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The BlackBerry Strikes Back

When the Blackberry PlayBook tablet goes on sale Tuesday, there will be none of the long lines of eager buyers that greeted the AppleiPad 2 last month. In fact, if you listen to the technorati and many stock analysts, the PlayBook will be a flat-out bust.
Made by Research In Motion (ticker: RIMM), the Canadian-based outfit behind the BlackBerry smartphone, the PlayBook will cost about the same as the Apple device, starting at $500, but, in the view of critics, will be clearly inferior. You won't be able to connect to the Internet via a cellular network—only by Wi-Fi—and there will be far fewer apps to download. That's not a completely fair evaluation, as we point out in Gadget of the Week. Nor is it especially surprising: RIM's critics miss a lot of important points.
Just look at how analysts piled on after the company reported its earnings on March 24 for the 12 months through February. They chose to ignore that profits and profit margins were all significantly better than expected—as was the guidance for the current fiscal year. Rather, the market focused on the fact that earnings in the current quarter, ending in May, would come in below Wall Street's targets, mainly because of higher one-time promotional spending on the PlayBook.
The PlayBook tablet, due out Tuesday, could be a big hit among corporations accustomed to BlackBerry e-mail devices. It's a handy size, and has a slick new operating system.
The stock plunged 12% overnight. After trading as high as 144 in mid-2008 and 75 last March, RIM shares now sell for 54. That's just 7.8 times analysts' forecasts for the coming year, and about half that of arch rival Apple's (AAPL) multiple of 14.4. It's even below troubled Nokia's (NOK) multiple of 11.2. The alarmist views of many are summed up in the headlines of news reports and research notes:  "RIM Outlook Dire," "Loss of Faith Deepens," "Can RIM be Saved?" and even "RIM Is Dead!"
The main worry is indeed Apple. Ever since the first iPhone launched in the summer of 2007, to immediate raves, RIM has been seen by investors to be in trouble. That simply isn't true. For all of Apple's inroads, the U.S. smartphone market as a whole has been growing at such a fast clip—more than 75% in 2010, for instance—that RIM has been able to continue increasing revenue and profits rapidly, up a compound annual average of 57% and 50%, respectively, over the past five years. RIM has never had a single quarter of net global subscriber losses, and, with sales volume almost 20% greater than Apple's, it remains the biggest smartphone player in the U.S. And while it lags behind Nokia worldwide, it has vast overseas growth potential.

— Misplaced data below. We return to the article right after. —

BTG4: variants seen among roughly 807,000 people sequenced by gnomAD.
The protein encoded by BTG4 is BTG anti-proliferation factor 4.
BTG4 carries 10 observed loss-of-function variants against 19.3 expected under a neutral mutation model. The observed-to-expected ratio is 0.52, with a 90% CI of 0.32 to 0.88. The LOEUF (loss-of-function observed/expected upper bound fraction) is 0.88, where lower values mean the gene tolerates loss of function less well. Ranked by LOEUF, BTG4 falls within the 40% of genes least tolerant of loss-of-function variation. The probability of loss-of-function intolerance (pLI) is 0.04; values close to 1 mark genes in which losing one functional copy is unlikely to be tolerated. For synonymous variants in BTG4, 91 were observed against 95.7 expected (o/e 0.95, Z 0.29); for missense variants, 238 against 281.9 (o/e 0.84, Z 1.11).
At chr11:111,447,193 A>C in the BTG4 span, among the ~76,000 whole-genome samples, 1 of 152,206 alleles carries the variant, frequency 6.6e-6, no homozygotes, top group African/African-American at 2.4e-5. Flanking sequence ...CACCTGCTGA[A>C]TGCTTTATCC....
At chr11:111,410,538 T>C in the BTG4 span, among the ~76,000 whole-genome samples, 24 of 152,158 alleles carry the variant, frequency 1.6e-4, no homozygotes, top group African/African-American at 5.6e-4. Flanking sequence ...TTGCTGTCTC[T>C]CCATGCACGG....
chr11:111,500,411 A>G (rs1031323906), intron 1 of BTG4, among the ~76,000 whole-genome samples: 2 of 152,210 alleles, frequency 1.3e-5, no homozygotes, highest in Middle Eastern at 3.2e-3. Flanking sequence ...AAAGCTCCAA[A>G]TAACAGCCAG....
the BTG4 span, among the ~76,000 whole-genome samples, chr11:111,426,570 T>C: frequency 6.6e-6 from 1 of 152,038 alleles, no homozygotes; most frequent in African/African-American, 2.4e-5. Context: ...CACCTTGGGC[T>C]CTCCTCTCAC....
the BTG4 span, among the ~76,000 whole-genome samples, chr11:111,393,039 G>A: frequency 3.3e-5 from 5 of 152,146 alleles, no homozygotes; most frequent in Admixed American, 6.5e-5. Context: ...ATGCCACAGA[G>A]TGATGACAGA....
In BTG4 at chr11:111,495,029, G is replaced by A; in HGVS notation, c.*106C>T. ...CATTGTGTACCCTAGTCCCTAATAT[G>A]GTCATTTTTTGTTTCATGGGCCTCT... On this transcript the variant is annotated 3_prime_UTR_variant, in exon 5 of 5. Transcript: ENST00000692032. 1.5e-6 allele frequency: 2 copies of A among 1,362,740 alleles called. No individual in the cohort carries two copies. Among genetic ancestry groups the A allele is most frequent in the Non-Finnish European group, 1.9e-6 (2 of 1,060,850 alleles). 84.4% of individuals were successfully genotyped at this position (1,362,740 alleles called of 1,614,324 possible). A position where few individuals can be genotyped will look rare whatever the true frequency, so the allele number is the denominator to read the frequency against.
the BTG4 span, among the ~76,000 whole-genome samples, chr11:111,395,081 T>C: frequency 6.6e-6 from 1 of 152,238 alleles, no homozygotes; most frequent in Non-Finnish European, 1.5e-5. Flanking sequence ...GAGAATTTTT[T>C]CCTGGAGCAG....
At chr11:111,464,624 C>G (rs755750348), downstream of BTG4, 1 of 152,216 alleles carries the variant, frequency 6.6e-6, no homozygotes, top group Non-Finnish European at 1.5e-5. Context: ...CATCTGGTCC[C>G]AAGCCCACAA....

IN SHORT, RIM ISN'T DEAD—or anywhere near it. 
Tavis McCourt, an analyst with Morgan Keegan, puts it succinctly: "RIM's valuation remains the theater of the absurd." He's expecting 40% revenue growth over the next few years and a stock price of 91 in 12 months.  Analyst Gus Papageorgiou of Scotia Capital, who dismisses the bearish case as U.S.-centric, has a price target of $120, more than double the current level.
Yes, RIM has lost market share. But the company virtually invented mobile e-mail and the smartphone, making the BlackBerry a symbol of new-millennium connectivity. For some time, it was the only player in town, with an obviously untenable 100% hold on the market. "It was inevitable we would lose market share," says Jim Balsillie, who together with Mike Lazaridis is one of RIM's two co-CEOs.
The company still has a clear lead. According to the U.S. research firm ComScore, BlackBerry is North America's biggest smartphone player, accounting for about 29% of subscribers—down from around 34% a year ago, but still more than Apple's 25% andMicrosoft's (MSFT) meager 8%. True, the phone makers using Google's relatively new Android operating system have 33% of the market, but that lumps together scores of devices from various


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